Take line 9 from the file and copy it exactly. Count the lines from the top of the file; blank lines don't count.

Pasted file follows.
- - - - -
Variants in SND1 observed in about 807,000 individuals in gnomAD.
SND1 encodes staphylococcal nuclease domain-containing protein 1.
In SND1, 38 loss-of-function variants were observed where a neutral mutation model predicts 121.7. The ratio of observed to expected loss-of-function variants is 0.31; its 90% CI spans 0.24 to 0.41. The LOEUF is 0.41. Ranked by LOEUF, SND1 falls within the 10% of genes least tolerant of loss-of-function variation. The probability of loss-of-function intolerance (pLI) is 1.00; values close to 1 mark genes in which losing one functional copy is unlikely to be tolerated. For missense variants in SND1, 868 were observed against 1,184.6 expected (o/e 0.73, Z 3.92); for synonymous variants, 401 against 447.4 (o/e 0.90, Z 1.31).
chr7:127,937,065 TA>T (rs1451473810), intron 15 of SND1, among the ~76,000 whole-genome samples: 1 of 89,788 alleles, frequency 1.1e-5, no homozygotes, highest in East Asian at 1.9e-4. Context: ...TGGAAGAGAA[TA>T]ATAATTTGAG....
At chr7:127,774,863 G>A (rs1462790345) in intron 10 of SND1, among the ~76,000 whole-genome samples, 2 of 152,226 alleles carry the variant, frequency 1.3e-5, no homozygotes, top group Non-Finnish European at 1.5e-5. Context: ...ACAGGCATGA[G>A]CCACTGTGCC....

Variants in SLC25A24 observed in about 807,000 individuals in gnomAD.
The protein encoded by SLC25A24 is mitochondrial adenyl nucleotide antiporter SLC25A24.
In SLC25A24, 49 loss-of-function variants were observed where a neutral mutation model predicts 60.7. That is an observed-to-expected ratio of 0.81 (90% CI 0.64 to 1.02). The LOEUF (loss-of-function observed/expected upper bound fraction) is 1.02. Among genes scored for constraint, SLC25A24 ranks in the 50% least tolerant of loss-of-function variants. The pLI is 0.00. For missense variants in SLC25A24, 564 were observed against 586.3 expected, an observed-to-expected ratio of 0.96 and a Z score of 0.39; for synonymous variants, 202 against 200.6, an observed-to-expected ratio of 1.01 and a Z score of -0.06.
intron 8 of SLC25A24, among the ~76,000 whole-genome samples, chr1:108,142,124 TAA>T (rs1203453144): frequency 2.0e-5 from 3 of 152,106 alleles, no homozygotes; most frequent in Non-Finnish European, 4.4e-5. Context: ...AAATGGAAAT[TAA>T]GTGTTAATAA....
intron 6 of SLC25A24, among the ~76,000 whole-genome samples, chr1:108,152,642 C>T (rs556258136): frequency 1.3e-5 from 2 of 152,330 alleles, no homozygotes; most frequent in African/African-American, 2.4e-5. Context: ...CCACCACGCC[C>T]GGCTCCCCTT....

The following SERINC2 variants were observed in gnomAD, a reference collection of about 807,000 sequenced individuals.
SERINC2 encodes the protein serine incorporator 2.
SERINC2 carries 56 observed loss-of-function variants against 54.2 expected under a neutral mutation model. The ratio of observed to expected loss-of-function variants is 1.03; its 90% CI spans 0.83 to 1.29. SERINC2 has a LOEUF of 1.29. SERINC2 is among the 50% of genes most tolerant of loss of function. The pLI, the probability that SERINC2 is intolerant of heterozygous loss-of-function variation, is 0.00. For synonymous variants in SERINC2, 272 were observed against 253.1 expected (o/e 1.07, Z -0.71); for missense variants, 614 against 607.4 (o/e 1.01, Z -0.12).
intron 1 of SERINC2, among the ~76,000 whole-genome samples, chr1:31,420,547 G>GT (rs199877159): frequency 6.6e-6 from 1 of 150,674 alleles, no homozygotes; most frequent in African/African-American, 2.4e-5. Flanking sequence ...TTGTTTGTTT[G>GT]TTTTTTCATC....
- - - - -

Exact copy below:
intron 8 of SLC25A24, among the ~76,000 whole-genome samples, chr1:108,142,124 TAA>T (rs1203453144): frequency 2.0e-5 from 3 of 152,106 alleles, no homozygotes; most frequent in Non-Finnish European, 4.4e-5. Context: ...AAATGGAAAT[TAA>T]GTGTTAATAA....